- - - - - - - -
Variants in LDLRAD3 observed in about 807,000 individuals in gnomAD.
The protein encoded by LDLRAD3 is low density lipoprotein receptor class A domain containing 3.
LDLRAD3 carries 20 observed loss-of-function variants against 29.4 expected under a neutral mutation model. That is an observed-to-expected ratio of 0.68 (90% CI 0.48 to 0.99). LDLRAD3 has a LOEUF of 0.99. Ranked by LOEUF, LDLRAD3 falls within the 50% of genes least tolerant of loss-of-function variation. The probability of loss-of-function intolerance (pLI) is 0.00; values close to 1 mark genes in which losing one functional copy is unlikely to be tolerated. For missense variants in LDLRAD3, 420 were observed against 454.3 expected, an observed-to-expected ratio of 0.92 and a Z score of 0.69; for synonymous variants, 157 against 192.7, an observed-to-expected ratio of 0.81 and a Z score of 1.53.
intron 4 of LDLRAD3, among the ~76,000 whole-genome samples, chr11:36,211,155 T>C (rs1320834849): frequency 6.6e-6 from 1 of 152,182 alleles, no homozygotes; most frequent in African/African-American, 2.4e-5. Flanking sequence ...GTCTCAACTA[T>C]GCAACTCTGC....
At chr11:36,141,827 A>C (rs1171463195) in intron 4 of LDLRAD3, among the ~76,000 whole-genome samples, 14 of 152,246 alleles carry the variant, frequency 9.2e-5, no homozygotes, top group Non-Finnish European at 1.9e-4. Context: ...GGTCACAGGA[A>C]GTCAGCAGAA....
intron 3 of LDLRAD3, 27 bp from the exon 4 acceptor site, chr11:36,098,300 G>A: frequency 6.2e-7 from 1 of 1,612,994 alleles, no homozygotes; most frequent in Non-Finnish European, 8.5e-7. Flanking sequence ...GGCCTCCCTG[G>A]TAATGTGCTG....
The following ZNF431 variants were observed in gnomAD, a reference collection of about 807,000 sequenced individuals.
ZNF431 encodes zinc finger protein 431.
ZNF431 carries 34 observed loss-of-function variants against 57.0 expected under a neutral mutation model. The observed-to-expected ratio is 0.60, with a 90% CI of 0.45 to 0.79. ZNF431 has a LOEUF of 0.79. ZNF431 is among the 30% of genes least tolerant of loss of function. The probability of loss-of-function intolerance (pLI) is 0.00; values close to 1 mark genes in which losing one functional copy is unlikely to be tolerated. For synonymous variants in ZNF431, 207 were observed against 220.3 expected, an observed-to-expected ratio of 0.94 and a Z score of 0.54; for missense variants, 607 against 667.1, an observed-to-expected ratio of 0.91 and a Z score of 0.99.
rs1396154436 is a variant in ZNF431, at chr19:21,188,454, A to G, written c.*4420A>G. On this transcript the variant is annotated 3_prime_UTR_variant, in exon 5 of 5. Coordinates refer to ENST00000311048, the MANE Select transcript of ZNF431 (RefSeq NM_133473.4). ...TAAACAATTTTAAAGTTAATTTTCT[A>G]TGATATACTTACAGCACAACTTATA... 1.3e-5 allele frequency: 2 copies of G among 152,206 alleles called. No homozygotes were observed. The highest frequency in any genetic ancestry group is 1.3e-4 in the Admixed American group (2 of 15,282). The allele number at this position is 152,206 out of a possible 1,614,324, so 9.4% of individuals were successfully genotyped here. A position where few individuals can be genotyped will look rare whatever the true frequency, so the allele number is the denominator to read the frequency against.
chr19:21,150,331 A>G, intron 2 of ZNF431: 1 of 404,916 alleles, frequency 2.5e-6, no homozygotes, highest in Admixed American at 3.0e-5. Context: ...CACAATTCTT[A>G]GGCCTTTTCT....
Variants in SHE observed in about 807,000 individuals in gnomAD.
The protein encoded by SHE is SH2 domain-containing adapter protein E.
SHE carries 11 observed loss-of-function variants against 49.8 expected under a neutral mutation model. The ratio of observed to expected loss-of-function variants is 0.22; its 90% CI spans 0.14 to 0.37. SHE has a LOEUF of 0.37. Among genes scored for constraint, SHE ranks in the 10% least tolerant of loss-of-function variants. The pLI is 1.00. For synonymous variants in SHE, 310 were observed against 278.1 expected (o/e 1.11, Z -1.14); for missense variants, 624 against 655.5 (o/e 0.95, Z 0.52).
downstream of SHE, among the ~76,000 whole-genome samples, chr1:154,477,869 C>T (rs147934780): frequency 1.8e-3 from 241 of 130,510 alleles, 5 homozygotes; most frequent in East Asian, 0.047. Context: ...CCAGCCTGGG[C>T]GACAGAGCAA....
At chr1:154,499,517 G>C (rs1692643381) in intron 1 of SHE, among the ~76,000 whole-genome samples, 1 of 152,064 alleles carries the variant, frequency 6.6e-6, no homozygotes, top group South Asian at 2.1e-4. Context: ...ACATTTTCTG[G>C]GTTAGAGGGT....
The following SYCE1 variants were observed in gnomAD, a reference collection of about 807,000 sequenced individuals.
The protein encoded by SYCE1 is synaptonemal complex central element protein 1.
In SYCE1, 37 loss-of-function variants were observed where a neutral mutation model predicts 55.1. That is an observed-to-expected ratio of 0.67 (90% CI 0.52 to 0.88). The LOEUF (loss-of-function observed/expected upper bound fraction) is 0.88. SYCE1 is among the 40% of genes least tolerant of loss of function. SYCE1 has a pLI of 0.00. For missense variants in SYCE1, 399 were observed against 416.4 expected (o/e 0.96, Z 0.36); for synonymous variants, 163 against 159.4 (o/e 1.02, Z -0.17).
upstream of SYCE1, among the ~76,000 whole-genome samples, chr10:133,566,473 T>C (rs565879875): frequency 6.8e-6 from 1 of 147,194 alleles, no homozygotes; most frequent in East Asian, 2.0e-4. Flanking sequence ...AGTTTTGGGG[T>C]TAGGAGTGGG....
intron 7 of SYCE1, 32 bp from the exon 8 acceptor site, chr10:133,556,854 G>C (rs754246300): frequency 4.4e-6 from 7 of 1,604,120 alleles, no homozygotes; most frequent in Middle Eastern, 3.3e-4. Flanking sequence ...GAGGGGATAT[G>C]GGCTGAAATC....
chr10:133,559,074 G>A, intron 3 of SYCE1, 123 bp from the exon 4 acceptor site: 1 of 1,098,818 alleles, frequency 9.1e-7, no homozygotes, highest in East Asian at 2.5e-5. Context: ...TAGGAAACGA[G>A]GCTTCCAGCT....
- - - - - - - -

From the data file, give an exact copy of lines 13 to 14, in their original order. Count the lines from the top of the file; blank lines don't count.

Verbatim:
The protein encoded by SHE is SH2 domain-containing adapter protein E.
SHE carries 11 observed loss-of-function variants against 49.8 expected under a neutral mutation model. The ratio of observed to expected loss-of-function variants is 0.22; its 90% CI spans 0.14 to 0.37. SHE has a LOEUF of 0.37. Among genes scored for constraint, SHE ranks in the 10% least tolerant of loss-of-function variants. The pLI is 1.00. For synonymous variants in SHE, 310 were observed against 278.1 expected (o/e 1.11, Z -1.14); for missense variants, 624 against 655.5 (o/e 0.95, Z 0.52).